Nibbana tangent part 1 (Agnosticism)

by dhw, Thursday, May 30, 2024, 13:46 (56 days ago) @ xeno6696

dhw: I will expand a little on my original reply to this, which was that the self is the total of all our attributes at any given time. The fact that we don’t consciously think of each one all the time does not mean they are not there. (I used the analogy of my flat feet, which you misinterpreted as meaning that all attributes were permanent.) No, the attributes may change at any time through illness, accident, or new experiences. But that does not mean they are not present or are not real. A bigot one day may have an experience that changes his rigid opinions. Psychotherapy may perform the same function. The bigotry was real, not illusory. Now the open mind is real. Phineas Gage is another illustration.

MATT: You're conflating "self" with "sense of self" with every line here. Buddhism (and my own meditative experience) demonstrates that I can still be a "self" without a "sense of self." Under your definition, if I lost half my memories, I'd still have the *same* sense of self, and that's patently false. I'd have *a* sense of self--I'd feel the same, but I wouldn't be the same, and as I interacted with friends and family, it would start to come out, all the different things that I had forgotten.

I feel more and more that there’s no disagreement between us, but you are using different terminology which in itself is confusing. You say the same sense of self would be false, but then you go on to say that you would still feel the same. Having the same sense of self to me means feeling the same! (Not to be confused with consciousness of the self – see later). But of course the self would not be the same because, as I keep pointing out, it is constantly subject to change! You then switch to the subject of memories. These are notoriously unreliable, but whatever I remember or think I remember is still part of the present me. In your case, you vividly remember the egotistical attributes of your past real self, and are fully aware of the changes that have led to the present real you. Your “sense of self” remains the same, but the self is not the same.

MATT: I applaud overall your description of the self, and on most things we're closer that maybe it seems, but again, as above, you're confusing the 'self' for the 'sense of self.' One goes away and the other remains.

That is precisely what I am saying, but let’s not exaggerate. The ‘self’ will no doubt continue to retain many of its attributes (which helps us to maintain our sense of self), but you will notice that in my summary, I specified that it is the total of our attributes at any given time. Some may go away, and may be replaced, but the sense of self remains.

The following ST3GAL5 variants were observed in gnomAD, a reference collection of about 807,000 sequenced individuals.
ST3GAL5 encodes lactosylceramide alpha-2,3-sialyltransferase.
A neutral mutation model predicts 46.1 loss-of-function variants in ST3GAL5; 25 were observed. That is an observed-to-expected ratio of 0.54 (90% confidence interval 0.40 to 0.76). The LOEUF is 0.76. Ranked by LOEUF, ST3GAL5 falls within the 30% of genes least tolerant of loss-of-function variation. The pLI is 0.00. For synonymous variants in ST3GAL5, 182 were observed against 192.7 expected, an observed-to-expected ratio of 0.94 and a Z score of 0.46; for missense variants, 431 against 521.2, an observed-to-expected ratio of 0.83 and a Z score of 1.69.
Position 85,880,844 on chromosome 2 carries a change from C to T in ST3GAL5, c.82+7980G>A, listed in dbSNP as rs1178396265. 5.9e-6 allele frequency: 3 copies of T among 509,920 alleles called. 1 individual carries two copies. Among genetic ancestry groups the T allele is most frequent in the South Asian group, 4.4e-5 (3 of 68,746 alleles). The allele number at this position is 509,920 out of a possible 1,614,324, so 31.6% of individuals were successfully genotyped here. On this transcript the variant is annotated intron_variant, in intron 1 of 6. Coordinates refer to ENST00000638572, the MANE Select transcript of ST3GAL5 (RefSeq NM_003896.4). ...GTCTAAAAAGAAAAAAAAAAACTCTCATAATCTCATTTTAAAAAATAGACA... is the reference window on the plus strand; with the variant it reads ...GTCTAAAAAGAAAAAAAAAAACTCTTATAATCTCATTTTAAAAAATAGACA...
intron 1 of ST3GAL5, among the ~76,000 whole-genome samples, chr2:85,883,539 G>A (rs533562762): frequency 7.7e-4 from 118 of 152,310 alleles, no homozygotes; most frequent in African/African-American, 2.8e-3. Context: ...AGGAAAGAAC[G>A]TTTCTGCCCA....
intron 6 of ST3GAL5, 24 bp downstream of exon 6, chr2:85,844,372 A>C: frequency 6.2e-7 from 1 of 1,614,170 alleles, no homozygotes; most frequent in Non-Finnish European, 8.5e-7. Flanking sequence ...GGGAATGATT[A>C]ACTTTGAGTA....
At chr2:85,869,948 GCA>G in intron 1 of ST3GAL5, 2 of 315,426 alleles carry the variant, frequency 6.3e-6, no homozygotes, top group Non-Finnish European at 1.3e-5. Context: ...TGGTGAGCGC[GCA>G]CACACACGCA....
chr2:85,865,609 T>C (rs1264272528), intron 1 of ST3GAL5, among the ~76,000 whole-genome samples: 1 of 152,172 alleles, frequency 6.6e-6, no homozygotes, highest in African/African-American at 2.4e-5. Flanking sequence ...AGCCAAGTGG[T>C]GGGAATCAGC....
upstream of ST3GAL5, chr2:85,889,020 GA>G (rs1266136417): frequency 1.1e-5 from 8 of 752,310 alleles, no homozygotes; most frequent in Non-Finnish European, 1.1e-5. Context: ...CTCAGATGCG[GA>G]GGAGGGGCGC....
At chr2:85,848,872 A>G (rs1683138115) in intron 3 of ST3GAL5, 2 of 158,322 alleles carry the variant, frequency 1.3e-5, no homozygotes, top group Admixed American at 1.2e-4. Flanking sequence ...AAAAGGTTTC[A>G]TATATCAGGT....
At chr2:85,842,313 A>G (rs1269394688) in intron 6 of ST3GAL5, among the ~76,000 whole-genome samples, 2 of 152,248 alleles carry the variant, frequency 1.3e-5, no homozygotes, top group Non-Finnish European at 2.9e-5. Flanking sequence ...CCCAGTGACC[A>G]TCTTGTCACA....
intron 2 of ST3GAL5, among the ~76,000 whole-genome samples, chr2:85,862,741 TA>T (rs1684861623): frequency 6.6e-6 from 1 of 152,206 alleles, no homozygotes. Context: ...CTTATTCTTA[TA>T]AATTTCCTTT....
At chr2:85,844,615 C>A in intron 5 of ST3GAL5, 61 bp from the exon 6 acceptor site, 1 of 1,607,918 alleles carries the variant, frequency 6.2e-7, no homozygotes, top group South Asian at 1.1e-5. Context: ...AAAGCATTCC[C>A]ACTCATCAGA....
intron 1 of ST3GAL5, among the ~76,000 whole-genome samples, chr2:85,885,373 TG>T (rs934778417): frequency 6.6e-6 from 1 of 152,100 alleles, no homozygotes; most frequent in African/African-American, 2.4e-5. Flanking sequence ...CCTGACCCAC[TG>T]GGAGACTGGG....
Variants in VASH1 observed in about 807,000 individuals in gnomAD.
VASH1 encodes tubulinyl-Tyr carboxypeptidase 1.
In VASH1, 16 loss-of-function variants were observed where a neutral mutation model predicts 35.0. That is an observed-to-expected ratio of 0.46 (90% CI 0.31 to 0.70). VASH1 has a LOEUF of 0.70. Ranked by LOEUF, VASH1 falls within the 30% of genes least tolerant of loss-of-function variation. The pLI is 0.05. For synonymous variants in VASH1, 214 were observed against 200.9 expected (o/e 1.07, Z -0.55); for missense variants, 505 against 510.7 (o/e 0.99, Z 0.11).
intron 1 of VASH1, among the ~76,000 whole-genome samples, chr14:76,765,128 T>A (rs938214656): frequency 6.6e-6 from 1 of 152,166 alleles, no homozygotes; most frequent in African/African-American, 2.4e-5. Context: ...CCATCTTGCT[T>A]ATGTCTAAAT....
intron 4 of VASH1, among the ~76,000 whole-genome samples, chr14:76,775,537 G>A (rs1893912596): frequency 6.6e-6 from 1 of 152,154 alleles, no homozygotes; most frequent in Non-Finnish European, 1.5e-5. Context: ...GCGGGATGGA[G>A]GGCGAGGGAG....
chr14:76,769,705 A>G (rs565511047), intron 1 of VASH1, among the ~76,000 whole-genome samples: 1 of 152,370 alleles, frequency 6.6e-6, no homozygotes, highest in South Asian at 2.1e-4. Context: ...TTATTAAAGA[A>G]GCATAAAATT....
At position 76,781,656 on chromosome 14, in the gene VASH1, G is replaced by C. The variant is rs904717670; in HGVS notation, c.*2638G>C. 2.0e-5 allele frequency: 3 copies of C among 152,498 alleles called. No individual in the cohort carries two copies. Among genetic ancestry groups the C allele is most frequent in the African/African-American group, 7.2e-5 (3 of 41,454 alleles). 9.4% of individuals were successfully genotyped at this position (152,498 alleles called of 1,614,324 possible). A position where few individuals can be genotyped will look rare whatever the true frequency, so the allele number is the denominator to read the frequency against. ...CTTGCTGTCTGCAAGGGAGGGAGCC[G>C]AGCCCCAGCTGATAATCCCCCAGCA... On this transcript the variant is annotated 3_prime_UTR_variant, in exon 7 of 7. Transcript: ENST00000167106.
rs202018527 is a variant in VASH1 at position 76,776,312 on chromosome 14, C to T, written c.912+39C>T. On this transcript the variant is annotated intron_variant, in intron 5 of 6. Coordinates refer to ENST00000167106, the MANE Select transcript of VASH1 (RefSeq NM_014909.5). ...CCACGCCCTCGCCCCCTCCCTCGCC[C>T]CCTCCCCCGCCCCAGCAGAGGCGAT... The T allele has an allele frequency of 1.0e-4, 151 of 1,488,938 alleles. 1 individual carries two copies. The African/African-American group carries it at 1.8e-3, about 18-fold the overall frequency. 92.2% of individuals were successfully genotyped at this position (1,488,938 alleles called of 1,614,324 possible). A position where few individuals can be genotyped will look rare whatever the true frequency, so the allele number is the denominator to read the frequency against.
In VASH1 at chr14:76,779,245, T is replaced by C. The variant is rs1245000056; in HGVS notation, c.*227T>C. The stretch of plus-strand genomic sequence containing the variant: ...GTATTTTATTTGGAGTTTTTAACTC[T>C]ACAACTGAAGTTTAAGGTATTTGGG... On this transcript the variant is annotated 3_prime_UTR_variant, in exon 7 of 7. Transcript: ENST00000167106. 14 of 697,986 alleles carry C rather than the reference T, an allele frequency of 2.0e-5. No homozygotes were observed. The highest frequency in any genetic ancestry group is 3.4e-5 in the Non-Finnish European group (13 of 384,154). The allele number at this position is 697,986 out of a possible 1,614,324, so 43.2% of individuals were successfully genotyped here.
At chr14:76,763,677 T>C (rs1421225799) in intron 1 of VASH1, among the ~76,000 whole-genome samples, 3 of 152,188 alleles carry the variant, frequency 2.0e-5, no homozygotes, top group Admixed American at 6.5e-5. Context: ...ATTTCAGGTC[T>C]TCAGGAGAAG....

MATT: Imagine an hour or so of your life where phrases or feelings like "I am ME" just stop appearing? You don't feel the other "I'm NOT me", you feel neither thing. THAT is what consciousness without a sense of self is like.

Again, there is no disagreement. It’s self-evident that we don’t spend our lives consciously thinking about what is or isn’t our “self”. Most of the time, our consciousness is focused on other things. But that doesn’t mean the self is not there!

dhw: This is what I would imagine would have been the Buddha’s own experience. Meditation as per Matt, followed by a return to the self. I can’t believe he lived through his last 40+ years being unaware that he wanted to teach others, that he was teaching his ideas, and the pain in the butt was his pain, and his enjoyment of a good meal was his enjoyment. Your own life history clearly illustrates that it is not all concept of self that disappears, but individual aspects of it that disappear and are replaced by others.

MATT: So you're very close with your description in that last statement, only, as I said in part one, the sense of self is what disappears. You still use self-referents, you still have access to all your memories and experiences, you just don't think about them in terms of "THIS IS MINE" anymore.

No, the chances are that you will start thinking “this is mine” only if you’re discussing psychology with somebody, or if something goes wrong, or if your contact with others makes you think in those terms. If I tell you that I think you are a very intelligent, learned, and sensitive man (which I do!) then I reckon your “sense of self” will automatically be activated. But if your wife asks you to wash the car, I doubt if you will be inspired to start analysing yourself.

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